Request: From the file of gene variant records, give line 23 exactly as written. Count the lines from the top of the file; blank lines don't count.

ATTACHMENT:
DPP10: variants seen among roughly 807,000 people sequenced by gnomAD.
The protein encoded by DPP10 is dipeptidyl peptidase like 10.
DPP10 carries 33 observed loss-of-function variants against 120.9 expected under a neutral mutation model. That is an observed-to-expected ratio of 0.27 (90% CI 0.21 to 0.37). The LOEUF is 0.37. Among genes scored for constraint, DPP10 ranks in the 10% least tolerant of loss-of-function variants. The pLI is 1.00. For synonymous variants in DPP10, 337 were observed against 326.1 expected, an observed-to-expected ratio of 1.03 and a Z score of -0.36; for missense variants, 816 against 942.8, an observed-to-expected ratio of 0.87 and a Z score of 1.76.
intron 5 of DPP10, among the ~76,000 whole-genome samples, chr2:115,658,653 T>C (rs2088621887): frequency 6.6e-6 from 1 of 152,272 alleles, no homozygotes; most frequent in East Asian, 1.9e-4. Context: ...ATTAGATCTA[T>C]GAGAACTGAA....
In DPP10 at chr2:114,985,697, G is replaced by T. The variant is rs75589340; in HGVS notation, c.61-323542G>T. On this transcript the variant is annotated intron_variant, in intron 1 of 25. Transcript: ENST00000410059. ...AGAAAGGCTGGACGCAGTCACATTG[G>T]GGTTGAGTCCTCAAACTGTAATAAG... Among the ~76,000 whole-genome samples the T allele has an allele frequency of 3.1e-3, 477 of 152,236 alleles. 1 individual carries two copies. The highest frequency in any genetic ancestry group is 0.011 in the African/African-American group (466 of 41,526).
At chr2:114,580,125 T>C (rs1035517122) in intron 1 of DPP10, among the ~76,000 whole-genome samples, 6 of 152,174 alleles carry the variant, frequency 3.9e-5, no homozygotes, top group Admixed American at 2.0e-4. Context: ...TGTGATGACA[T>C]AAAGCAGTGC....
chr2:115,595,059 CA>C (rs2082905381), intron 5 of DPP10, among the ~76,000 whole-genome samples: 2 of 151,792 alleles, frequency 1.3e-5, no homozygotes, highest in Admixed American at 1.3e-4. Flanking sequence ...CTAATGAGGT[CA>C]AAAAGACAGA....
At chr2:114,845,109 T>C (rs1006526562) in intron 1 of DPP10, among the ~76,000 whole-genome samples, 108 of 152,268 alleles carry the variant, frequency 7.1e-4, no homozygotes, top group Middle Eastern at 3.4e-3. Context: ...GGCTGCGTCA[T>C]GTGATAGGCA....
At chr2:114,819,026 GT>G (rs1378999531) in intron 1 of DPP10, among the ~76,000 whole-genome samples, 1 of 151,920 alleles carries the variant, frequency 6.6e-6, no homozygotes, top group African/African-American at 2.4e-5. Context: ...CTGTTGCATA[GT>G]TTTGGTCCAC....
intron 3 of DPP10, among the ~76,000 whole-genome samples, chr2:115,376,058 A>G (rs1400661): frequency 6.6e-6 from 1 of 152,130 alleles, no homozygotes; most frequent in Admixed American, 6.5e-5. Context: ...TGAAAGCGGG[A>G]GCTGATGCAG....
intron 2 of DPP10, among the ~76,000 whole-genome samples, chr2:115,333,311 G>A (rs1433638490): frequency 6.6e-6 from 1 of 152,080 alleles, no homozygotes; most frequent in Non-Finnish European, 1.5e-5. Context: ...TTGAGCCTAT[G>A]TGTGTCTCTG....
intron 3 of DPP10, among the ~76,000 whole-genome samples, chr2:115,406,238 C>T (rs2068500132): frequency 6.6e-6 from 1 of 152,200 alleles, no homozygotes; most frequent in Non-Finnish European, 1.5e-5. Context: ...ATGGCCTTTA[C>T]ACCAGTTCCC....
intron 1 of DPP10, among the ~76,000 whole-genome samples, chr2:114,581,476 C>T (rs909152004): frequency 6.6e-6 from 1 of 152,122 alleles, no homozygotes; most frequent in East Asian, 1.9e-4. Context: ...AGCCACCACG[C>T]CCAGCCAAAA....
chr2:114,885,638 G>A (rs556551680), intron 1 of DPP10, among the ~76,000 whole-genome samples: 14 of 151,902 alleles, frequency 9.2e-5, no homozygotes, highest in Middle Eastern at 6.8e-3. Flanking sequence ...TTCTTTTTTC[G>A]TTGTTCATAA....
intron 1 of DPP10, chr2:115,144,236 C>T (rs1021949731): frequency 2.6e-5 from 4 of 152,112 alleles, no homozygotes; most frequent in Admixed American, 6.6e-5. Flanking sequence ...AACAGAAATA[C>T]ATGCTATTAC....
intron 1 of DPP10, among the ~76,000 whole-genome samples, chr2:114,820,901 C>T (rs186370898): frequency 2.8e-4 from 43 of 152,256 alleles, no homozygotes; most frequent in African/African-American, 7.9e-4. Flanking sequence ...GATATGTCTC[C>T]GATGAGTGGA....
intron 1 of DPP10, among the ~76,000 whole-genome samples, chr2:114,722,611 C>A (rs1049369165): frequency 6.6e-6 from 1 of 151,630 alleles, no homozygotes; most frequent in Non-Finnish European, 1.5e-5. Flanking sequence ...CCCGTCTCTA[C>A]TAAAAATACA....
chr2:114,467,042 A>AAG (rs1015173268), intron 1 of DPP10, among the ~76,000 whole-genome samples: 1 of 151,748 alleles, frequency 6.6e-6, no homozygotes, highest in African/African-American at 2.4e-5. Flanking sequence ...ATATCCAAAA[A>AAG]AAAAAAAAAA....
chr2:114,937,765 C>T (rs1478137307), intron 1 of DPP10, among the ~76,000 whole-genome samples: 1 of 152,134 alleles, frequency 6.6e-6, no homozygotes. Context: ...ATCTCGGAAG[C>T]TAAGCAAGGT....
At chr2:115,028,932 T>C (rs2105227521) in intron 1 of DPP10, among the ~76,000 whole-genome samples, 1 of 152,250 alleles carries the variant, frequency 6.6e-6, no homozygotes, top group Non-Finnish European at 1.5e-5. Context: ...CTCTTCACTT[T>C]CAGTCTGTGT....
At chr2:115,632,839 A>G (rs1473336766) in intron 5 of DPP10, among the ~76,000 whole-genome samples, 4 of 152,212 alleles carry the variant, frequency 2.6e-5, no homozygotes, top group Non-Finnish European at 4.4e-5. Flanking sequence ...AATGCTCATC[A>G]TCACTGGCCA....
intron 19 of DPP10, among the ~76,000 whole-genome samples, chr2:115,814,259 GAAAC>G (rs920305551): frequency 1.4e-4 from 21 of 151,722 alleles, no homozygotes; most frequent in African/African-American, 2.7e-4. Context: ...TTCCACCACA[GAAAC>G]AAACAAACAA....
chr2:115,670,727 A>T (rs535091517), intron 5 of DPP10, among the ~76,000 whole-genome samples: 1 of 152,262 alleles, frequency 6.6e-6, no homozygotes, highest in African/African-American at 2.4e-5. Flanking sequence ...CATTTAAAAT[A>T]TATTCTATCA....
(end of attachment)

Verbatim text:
chr2:115,670,727 A>T (rs535091517), intron 5 of DPP10, among the ~76,000 whole-genome samples: 1 of 152,262 alleles, frequency 6.6e-6, no homozygotes, highest in African/African-American at 2.4e-5. Flanking sequence ...CATTTAAAAT[A>T]TATTCTATCA....